No backward glances toward the past,
And though somewhat be lost and gone,
Yet do thou act as one new-born;
What each day needs, that shalt thou ask,
Each day will set its proper task."

GOETHE.

"No aim is too high, no task too great, no sin too strong, no trial too
hard for those who patiently and humbly rest upon God's grace: who wait
on Him that He may renew their strength."

_Faculties and Difficulties for Belief and
Disbelief_, BISHOP PAGET.


Purpose


JANUARY 2

"You did not come into this world by chance, you were not born by
accident. You all came charged with a mission to use your best efforts
to extend the frontier of your Master's Kingdom by purifying your own
hearts and leavening for good the hearts of all who come within the
sphere of your influence. Your business here is not to enjoy yourselves
in those fleeting pleasures which perish in the using; not to sip as
many dainties as you can from the moments as they fly; not to gather as
many flowers as you can pluck from the garden of this perishing earth;
not even to rest in the enjoyment of those nobler delights which come
from the exercise of the intellect in the investigation of the works of
God and man; but rather to do your best to fit yourselves and others for
the new heavens and new earth, which God has prepared for those who love
Him."

_Life Here and Hereafter_, CANON MACCOLL.

"Do not despise your situation; in it you must act, suffer, and conquer.
From every point on earth we are equally near to heaven and to the
infinite."

_Amiel's Journal._


A Noble Life


JANUARY 3

"A man's greatness lies not in wealth and station, as the vulgar
believe, nor yet in his intellectual capacity, which is often associated
with the meanest moral character, the most abject servility to those in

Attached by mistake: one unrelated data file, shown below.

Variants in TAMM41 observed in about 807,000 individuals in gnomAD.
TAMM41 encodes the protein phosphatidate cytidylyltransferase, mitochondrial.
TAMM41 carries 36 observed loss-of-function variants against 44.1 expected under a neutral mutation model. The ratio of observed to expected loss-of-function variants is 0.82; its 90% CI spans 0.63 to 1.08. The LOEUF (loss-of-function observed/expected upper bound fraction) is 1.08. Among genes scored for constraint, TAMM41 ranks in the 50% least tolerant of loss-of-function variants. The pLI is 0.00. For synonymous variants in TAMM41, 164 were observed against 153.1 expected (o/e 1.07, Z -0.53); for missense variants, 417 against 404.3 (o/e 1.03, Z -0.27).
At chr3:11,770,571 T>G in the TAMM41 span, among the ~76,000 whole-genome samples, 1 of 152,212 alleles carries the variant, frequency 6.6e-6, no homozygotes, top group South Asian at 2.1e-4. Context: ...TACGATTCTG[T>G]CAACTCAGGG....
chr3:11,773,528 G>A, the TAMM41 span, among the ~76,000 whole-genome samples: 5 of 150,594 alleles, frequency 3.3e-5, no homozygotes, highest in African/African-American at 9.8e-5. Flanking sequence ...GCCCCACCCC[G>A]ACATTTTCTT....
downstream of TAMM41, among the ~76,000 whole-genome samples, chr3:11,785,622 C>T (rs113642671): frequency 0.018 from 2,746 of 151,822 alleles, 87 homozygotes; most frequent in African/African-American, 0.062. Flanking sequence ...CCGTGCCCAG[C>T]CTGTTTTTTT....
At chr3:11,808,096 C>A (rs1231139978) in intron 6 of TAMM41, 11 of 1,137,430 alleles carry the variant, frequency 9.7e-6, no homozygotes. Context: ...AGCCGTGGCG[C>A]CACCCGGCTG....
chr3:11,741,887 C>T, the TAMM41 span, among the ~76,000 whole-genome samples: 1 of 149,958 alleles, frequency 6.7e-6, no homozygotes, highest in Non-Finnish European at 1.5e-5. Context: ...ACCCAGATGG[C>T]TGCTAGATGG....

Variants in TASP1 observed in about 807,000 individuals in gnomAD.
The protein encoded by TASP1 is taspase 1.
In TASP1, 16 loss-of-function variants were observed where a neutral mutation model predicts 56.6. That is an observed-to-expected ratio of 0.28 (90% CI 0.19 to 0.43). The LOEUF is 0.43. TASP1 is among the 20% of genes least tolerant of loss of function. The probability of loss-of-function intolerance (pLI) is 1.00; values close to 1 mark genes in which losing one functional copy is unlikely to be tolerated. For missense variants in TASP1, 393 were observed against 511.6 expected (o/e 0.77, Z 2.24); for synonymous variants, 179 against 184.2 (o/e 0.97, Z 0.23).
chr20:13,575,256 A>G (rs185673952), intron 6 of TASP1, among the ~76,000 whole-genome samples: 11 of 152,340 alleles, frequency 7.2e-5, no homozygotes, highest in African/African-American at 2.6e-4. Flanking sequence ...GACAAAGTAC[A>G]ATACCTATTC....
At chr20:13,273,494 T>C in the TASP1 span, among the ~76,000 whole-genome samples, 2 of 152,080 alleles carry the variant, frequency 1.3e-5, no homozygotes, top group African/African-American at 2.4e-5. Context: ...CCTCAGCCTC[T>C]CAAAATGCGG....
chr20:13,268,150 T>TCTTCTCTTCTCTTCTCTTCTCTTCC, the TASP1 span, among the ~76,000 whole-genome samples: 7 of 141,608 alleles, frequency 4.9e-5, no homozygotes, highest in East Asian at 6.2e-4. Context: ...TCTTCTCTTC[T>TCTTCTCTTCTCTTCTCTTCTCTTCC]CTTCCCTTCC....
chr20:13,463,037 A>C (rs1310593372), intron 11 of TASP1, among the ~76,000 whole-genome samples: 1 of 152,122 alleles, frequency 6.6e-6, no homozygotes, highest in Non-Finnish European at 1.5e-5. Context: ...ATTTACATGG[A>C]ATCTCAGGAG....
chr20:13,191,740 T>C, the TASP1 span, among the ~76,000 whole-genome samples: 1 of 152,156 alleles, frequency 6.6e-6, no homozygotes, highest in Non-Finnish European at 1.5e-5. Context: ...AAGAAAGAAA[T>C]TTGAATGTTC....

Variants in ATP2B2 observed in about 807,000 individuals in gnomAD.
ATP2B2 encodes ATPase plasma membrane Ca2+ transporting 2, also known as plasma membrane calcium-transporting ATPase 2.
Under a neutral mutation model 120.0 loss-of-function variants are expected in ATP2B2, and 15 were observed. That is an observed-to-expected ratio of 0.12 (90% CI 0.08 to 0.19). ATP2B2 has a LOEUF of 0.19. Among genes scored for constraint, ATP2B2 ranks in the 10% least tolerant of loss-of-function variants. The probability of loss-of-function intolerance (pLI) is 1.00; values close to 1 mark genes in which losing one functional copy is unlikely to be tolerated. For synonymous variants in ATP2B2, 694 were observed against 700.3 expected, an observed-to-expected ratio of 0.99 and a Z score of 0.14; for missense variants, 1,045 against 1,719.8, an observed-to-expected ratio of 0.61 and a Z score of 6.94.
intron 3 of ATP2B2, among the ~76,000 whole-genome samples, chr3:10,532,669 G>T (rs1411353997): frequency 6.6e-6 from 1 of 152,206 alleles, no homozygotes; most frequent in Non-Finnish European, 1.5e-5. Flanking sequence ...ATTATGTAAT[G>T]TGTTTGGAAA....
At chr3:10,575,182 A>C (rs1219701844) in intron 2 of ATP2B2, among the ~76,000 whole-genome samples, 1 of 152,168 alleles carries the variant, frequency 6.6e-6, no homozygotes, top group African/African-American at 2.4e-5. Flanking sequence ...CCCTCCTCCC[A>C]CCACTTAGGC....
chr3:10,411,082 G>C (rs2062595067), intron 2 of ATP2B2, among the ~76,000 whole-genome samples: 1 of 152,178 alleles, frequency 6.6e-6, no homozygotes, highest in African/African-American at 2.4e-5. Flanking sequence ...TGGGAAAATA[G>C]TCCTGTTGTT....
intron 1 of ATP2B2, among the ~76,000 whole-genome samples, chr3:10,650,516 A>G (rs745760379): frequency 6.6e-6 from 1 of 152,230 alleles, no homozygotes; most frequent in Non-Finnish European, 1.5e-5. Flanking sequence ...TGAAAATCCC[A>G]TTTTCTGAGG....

high places, and arrogance to the poor and lowly; but a man's true
greatness lies in the consciousness of an honest purpose in life,
founded on a just estimate of himself and everything else, on frequent
self-examination, and a steady obedience to the rule which he knows to
be right, without troubling himself about what others may think or say,
or whether they do or do not do that which he thinks and says and does."

GEORGE LONG.

"Whether a life is noble or ignoble depends not on the calling which is
adopted, but on the spirit in which it is followed."

_The Pleasures of Life_, LORD AVEBURY.

"Every noble life leaves the fibre of itself interwoven for ever in the
work of the world."

TRENCH.


Holiness


JANUARY 4

"Jesus and His Apostles teach that the supreme success of life is not to
escape pain but to lay hold on righteousness, not to possess but to be
holy, not to get things from God but to be like God. They were ever
bidding Christians beware of ease, ever rousing them to surrender and
sacrifice."

_The Potter's Wheel_, DR. JOHN WATSON.

"The end of life is not to deny self, nor to be true, nor to keep the
Ten Commandments - it is simply to do God's will. It is not to get good
nor be good, nor even to do good - it is just what God wills, whether
that be working or waiting, or winning or losing, or suffering or
recovering, or living or dying."

_The Ideal Life_, HENRY DRUMMOND.

"Do not act as if thou wert going to live ten thousand years. Death
hangs over thee. While thou livest, while it is in thy power, be good."

MARCUS AURELIUS.


The Power of the Holy Spirit


JANUARY 5

"We are haunted by an ideal life, and it is because we have within us
the beginning and the possibility of it."

PHILLIPS BROOKS.

"The power of the Holy Spirit! - an everlasting spiritual presence among
men. What but that is the thing we want? That is what the old oracles
were dreaming of, what the modern Spiritualists tonight are fumbling
after. The power of the Holy Ghost, by which every man who is in doubt
may know what is right, every man whose soul is sick may be made
spiritually whole, every weak man may be made a strong man, - that is
God's one sufficient answer to the endless appeal of man's spiritual
life; that is God's one great response to the unconscious need of
spiritual guidance, which He hears crying out of the deep heart of every
man. - I hope that I have made clear to you what I mean. I would that we
might understand ourselves, see what we might be; nay, see what we are.